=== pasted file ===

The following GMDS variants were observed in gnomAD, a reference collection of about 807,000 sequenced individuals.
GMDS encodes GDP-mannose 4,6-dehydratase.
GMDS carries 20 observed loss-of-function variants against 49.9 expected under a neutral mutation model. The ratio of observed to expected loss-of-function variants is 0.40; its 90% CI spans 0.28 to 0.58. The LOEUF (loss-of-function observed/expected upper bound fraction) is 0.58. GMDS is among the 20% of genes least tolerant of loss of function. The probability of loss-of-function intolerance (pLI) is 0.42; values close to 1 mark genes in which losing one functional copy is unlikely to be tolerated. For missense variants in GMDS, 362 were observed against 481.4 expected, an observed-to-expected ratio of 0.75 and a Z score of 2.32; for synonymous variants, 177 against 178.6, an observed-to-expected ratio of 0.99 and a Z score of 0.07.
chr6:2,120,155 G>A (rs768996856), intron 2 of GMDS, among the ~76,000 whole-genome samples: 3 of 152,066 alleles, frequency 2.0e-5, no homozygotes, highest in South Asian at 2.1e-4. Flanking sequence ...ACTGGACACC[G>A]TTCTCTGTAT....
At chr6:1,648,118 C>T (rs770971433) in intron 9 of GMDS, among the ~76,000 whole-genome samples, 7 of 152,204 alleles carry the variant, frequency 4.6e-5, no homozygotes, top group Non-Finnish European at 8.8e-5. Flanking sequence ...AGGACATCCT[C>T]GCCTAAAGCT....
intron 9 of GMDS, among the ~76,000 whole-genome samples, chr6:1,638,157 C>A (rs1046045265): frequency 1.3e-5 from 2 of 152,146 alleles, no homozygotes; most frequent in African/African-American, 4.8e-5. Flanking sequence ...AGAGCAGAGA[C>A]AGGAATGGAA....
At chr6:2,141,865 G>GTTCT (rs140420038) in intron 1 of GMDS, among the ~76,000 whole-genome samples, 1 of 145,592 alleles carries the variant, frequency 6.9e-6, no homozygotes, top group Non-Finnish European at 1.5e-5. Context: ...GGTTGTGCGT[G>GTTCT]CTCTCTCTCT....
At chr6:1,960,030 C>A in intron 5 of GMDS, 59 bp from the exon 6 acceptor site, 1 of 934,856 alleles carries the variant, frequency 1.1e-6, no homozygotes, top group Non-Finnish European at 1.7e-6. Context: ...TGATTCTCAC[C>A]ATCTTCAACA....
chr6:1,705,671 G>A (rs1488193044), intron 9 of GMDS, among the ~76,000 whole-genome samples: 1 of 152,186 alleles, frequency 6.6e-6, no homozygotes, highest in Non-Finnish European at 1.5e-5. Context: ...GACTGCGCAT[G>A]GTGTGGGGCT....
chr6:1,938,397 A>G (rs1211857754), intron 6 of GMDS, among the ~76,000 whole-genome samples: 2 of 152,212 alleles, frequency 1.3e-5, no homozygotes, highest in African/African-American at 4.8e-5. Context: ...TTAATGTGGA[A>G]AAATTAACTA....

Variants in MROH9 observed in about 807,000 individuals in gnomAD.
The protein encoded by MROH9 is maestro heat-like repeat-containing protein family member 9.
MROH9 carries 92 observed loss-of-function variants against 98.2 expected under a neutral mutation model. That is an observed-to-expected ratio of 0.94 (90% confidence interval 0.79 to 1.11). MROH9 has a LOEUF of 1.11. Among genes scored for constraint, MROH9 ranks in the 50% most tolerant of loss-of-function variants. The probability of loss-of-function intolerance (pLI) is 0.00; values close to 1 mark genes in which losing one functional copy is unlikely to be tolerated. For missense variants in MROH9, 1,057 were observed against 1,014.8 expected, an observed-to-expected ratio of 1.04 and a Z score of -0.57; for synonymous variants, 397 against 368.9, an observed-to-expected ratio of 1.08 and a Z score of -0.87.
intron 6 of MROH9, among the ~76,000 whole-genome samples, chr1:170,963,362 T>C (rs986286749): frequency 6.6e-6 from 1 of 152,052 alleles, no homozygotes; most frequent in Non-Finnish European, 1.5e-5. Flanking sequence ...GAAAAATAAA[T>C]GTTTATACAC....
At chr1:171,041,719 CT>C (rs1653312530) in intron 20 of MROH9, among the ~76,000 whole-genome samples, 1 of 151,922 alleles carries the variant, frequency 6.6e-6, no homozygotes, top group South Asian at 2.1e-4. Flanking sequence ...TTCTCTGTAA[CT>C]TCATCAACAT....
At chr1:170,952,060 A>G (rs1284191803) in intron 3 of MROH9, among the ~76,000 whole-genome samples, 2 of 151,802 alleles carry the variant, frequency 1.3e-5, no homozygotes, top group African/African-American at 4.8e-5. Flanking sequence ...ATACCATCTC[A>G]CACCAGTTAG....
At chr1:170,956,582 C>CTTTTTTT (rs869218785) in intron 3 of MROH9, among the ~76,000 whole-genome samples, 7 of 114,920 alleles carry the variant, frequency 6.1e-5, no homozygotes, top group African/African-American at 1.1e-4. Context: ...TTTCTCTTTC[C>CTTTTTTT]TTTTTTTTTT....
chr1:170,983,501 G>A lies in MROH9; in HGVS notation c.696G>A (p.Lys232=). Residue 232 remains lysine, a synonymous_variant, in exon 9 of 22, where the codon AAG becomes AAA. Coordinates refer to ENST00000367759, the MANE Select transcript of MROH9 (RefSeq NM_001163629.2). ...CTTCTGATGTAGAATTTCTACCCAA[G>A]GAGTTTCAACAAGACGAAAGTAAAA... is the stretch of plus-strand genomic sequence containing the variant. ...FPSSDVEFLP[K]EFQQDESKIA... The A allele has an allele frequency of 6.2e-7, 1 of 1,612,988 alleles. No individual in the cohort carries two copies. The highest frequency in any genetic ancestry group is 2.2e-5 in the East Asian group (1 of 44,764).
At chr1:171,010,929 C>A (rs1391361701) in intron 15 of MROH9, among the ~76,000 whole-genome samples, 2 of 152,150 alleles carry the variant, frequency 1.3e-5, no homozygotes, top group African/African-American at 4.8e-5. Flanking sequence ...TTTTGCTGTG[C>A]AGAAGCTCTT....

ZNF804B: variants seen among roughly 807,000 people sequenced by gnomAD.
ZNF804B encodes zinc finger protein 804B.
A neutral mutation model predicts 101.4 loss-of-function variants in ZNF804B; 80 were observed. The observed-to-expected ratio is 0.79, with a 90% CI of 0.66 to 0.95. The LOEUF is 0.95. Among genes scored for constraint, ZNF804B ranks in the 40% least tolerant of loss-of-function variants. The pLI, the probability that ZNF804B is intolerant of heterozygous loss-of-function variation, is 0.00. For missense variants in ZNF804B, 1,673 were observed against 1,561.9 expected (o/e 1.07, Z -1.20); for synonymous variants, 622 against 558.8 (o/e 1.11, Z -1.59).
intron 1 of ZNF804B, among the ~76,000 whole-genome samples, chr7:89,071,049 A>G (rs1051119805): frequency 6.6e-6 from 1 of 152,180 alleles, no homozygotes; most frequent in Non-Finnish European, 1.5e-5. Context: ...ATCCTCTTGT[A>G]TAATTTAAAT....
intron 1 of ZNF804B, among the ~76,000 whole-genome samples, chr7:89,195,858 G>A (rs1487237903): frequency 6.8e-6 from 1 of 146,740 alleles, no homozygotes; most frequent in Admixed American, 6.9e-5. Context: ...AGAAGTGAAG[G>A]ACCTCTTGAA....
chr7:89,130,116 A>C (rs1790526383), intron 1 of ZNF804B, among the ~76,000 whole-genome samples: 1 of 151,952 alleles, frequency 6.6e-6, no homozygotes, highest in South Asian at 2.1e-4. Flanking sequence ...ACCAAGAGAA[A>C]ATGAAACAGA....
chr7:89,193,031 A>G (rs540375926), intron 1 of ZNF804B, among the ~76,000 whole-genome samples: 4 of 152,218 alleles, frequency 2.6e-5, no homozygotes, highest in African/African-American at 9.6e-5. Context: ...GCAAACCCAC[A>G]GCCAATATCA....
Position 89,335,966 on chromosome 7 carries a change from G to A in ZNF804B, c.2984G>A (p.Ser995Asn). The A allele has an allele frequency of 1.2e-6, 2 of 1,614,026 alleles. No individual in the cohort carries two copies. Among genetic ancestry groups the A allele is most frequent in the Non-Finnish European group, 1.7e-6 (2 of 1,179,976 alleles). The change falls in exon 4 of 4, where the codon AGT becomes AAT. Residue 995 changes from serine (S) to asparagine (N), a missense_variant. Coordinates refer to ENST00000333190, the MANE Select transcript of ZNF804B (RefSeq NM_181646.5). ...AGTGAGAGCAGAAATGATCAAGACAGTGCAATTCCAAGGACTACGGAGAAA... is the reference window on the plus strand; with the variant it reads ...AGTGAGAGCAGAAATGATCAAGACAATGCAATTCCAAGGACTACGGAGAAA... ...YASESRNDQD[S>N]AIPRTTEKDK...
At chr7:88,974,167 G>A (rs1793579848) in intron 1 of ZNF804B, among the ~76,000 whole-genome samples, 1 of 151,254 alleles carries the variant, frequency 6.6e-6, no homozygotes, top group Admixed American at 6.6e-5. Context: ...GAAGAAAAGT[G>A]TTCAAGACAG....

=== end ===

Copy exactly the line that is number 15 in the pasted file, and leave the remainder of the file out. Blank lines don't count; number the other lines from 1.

At chr1:171,041,719 CT>C (rs1653312530) in intron 20 of MROH9, among the ~76,000 whole-genome samples, 1 of 151,922 alleles carries the variant, frequency 6.6e-6, no homozygotes, top group South Asian at 2.1e-4. Flanking sequence ...TTCTCTGTAA[CT>C]TCATCAACAT....